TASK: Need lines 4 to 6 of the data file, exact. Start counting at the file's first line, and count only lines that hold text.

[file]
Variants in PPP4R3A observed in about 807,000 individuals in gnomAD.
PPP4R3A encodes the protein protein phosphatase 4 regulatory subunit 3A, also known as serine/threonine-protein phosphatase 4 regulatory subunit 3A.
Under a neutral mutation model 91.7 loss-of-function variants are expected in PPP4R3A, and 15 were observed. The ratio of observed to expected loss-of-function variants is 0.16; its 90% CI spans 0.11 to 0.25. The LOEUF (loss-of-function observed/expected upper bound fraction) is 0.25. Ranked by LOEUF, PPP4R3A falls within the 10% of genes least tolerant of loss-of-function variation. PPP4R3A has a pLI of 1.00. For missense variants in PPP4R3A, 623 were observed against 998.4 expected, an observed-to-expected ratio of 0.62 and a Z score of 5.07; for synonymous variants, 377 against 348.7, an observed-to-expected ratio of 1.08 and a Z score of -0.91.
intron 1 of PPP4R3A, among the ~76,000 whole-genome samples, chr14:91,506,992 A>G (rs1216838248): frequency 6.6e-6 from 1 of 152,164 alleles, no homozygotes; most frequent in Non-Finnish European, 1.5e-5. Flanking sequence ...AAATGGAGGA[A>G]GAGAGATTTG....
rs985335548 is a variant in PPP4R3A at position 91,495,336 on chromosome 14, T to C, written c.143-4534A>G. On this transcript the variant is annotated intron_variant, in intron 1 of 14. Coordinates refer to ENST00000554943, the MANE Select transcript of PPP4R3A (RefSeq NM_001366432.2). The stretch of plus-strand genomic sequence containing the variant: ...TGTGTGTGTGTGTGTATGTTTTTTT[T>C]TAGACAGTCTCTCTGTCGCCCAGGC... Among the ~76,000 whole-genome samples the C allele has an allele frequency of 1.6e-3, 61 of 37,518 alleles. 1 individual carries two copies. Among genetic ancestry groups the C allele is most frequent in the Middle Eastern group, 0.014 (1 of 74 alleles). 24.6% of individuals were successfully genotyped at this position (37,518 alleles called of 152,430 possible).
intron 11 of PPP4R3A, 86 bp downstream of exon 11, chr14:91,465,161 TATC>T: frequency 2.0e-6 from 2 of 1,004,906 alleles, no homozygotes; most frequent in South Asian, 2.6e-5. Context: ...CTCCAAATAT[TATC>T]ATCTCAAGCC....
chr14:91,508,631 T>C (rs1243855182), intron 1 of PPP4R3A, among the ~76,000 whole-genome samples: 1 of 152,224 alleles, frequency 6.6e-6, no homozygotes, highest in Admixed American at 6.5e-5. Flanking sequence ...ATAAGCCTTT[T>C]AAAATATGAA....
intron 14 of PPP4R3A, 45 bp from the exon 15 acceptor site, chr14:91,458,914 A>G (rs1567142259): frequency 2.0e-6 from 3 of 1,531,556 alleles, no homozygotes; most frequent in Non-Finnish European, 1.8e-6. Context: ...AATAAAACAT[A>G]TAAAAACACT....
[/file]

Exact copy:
intron 1 of PPP4R3A, among the ~76,000 whole-genome samples, chr14:91,506,992 A>G (rs1216838248): frequency 6.6e-6 from 1 of 152,164 alleles, no homozygotes; most frequent in Non-Finnish European, 1.5e-5. Flanking sequence ...AAATGGAGGA[A>G]GAGAGATTTG....
rs985335548 is a variant in PPP4R3A at position 91,495,336 on chromosome 14, T to C, written c.143-4534A>G. On this transcript the variant is annotated intron_variant, in intron 1 of 14. Coordinates refer to ENST00000554943, the MANE Select transcript of PPP4R3A (RefSeq NM_001366432.2). The stretch of plus-strand genomic sequence containing the variant: ...TGTGTGTGTGTGTGTATGTTTTTTT[T>C]TAGACAGTCTCTCTGTCGCCCAGGC... Among the ~76,000 whole-genome samples the C allele has an allele frequency of 1.6e-3, 61 of 37,518 alleles. 1 individual carries two copies. Among genetic ancestry groups the C allele is most frequent in the Middle Eastern group, 0.014 (1 of 74 alleles). 24.6% of individuals were successfully genotyped at this position (37,518 alleles called of 152,430 possible).
intron 11 of PPP4R3A, 86 bp downstream of exon 11, chr14:91,465,161 TATC>T: frequency 2.0e-6 from 2 of 1,004,906 alleles, no homozygotes; most frequent in South Asian, 2.6e-5. Context: ...CTCCAAATAT[TATC>T]ATCTCAAGCC....